Fiscal policy and monetary policy in the us
Both fiscal and monetary policies are used as instruments of the state to influence the economy. It should be within consensus that the goals of these policies would be the steady growth of production that is in line with economic capacity and the labor force; zero inflation rate; high rate of capacity utilization and employment; and high trend growth of productivity and real GNP per worker (Tobin, 2002, par. 5). Generally, monetary policies are handled and implemented by the central bank while fiscal policies are handled by the national government. Monetary policy aids in economic influence by somehow controlling the amount of money circulating, and hence, directly affecting spending on goods and services. Fiscal policy, on the other hand, refers to the government’s use of budget to influence the economy. It also refers to tax cuts or additional taxes imposed; its spending, etcetera. This paper shall be a discussion of relevant fiscal and monetary policies in the US.
The US economy recorded a unified budget deficit of $248B in the year 2006, $70B lower than the recorded unified budget deficit in 2005. The 2006 budget deficit is tantamount to less than 2% of nominal GDP, significantly lower compared to 3.5% of the nominal GDP in 2004 (Board of Governors of the Federal Reserve System, 2007, p. 12). This slight improvement on budget deficit is complemented by the rising of nominal federal receipts by 11.75%, amounting to almost 18.5% of nominal GDP. This, again, is a significant increase compared to 16.25% of nominal GDP in 2004. Generally, the US economy records an improvement compared to its performance in the previous year. Federal receipts are also higher compared to previous years, though not higher compared to receipts in 2000. Expenditures, nevertheless, is higher compared to those in the previous years, though not higher than expenditures in 1994 (Board of Governors of the Federal Reserve System, 2007, p. 10). Federal government debt held by the public is lower compared to that held by the public in 1996, but higher than that in 2000 (Board of Governors of the Federal Reserve System, 2007, p. 13).
Given the present status of the US economy, the Treasury responded accordingly by paying down some Treasury bills and to a certain extent slightly trimmed the gross issuance of marketable Treasury coupons. Nevertheless, the Treasury also auctioned, for the first time since 2001, 30 year bonds, and would continually do so quarterly within 2007. It has been noted that treasury securities held by foreign investors, in spite of this auction, is slightly lower than that in 2005, meaning that there is a slight increase in the number of local investors who hold treasury securities. Interest rates, on the other hand, are higher by 0.5% in 2007 compared to that in 2006. Two-year and three-month interest rates of selected treasury securities are notably higher within 2006 and 2007 since 2003.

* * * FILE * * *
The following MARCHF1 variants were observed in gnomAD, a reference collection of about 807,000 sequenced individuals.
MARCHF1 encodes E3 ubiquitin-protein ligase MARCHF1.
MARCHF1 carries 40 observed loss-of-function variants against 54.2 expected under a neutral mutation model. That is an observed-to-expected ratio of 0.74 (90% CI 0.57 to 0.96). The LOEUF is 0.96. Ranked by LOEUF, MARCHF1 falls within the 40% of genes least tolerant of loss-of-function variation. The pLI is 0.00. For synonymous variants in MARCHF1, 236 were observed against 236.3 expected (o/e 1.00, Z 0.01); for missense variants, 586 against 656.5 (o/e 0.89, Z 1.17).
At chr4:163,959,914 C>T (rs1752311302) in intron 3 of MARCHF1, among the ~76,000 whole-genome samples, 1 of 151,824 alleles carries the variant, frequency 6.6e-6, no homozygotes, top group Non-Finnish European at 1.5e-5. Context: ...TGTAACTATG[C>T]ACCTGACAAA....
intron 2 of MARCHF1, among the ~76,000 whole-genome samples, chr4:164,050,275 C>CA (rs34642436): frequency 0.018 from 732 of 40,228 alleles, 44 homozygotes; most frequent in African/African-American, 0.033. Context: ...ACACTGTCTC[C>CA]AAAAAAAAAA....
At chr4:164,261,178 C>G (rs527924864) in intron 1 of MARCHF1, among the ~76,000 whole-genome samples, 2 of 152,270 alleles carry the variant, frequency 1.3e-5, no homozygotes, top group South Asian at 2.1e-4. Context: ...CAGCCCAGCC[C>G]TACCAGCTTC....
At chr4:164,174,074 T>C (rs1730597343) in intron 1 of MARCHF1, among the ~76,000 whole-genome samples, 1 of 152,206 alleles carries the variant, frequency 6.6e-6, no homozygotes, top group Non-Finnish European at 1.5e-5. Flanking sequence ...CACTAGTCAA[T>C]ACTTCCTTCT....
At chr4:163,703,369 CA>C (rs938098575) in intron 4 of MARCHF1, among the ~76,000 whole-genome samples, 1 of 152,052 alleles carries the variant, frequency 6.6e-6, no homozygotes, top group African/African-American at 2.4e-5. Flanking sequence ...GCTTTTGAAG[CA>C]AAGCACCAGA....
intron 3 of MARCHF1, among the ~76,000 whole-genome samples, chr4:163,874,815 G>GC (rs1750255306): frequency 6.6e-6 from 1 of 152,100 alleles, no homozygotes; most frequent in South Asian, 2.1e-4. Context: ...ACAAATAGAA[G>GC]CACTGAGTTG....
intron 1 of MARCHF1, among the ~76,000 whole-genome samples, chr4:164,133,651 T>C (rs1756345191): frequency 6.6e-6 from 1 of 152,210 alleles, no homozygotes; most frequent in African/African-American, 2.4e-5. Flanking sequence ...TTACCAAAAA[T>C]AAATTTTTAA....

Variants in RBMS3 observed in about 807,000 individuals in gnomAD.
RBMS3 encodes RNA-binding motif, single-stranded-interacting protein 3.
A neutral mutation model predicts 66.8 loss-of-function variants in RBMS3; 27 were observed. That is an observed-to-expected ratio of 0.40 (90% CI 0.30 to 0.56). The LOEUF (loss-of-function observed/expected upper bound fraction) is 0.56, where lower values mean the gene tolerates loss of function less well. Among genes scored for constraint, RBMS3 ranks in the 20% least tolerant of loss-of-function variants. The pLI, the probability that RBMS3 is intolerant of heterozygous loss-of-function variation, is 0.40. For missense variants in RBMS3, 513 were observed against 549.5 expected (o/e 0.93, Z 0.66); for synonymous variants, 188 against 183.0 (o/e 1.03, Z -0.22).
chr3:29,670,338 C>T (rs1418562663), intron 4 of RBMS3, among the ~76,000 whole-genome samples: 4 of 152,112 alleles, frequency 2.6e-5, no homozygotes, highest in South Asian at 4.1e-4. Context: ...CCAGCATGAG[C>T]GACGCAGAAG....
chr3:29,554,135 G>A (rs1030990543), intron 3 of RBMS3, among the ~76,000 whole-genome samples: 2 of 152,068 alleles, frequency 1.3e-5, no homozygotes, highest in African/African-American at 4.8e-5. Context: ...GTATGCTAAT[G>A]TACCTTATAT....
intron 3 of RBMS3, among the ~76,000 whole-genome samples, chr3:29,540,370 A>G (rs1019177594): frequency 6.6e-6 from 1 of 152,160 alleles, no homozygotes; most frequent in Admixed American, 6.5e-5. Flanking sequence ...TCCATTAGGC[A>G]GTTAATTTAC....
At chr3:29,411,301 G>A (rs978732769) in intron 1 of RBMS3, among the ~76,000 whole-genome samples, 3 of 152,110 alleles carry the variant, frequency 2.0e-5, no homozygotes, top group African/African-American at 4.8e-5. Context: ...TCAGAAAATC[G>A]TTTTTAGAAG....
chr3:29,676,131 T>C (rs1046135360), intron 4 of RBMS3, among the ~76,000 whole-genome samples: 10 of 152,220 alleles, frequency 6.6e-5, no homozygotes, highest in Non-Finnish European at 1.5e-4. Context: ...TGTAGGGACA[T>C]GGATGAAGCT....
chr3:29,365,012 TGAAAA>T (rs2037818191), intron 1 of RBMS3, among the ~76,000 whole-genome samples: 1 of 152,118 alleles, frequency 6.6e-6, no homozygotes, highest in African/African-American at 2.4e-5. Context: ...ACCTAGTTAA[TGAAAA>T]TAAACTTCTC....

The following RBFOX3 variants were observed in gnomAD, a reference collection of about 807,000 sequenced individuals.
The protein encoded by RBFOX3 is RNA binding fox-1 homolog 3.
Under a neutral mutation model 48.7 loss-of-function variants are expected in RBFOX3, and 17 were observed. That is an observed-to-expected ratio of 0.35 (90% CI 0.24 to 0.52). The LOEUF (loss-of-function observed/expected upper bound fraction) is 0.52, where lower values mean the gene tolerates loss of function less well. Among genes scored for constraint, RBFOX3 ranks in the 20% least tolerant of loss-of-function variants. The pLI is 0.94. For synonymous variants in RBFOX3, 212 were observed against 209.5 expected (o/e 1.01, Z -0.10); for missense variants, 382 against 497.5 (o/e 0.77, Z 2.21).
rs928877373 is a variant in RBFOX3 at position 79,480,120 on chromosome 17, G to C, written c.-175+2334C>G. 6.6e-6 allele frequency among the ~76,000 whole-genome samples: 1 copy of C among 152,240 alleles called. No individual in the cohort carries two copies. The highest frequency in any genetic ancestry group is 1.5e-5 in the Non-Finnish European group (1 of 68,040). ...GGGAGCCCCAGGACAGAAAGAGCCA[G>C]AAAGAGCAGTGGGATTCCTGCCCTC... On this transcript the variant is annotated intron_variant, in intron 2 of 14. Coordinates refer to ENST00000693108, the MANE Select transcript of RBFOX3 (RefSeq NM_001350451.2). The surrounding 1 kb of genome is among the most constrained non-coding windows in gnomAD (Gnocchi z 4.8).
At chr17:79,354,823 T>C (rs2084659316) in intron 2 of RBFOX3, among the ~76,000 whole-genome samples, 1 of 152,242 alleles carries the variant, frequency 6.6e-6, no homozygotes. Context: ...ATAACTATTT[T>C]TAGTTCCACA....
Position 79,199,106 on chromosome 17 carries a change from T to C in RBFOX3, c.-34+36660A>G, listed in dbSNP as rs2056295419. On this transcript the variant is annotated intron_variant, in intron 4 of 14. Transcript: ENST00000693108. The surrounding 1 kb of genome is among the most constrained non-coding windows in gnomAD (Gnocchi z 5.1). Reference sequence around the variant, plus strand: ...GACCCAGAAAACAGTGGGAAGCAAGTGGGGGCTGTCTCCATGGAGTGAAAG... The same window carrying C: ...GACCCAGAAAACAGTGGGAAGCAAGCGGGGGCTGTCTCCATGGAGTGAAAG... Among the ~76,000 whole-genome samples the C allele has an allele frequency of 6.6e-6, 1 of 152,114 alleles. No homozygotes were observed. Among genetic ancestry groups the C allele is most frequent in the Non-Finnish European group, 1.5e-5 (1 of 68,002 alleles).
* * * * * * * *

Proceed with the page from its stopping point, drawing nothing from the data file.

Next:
As regards the budget of the present fiscal year, it is $10.3B less than what is projected as needed for domestic discretionary programs. This means that the budget for education, veteran’s medical care, law enforcement, transportation, environmental protection, and medical research (Fiscal Policy Institute, 2006). Among many other concerns, this means that the pressure on social security and health benefit would continue to pursue; this also means that the expansion of Medicaid and other health insurances for poor families could not be granted; the intended plug in the shortfall in the State Children’s Health Insurance Program could not be attained; the component of Medicaid that insures health coverage for up to a year for families that are working their way off welfare would have to be on standstill; government funded medical research and scholarships for these researches will remain to be largely limited; and environmental protection would probably have to remain within the status quo. Aside from the cut on domestic discretionary programs, the tax cuts that mostly benefit high income households would cost the state at least $200B over the next five years. This would mean an increase in federal deficit by at least $256B over the next five years.
What does all of these statistics mean? We have noted that the treasury has paid down some treasury bills, have lessened the issuance of coupon securities but issued 30-year bonds. Such a monetary policy speaks of an expansionary fiscal policy. An expansionary fiscal policy generally is promulgated when the budget is in deficit. The same conclusion could also be garnered by the existing interest rates. An increased interest rate speaks of lesser money in circulation (a monetary policy function) that eventually results in higher interest rates for borrowers. This, again, is a result of government borrowing through bonds, which, fiscally, means that the government is in deficit. Such deficit is reflected in budget. An expansionary fiscal system results in tax cuts, as we have seen above. This also is the reason for spending cuts that puts pressure on domestic discretionary programs.
Board of Governors of the Federal Reserve System (2007). Monetary policy report to the Congress.
Fiscal Policy Institute. (2006). House budget calls for large cuts in domestic programs and would worsen deficit. Retrieved February 20, 2007 from http://www.fiscalpolicy.org/press_060331FederalBudget.stm.
Tobin, James. (2002). Monetary policy. Concise Encyclopedia of Economics.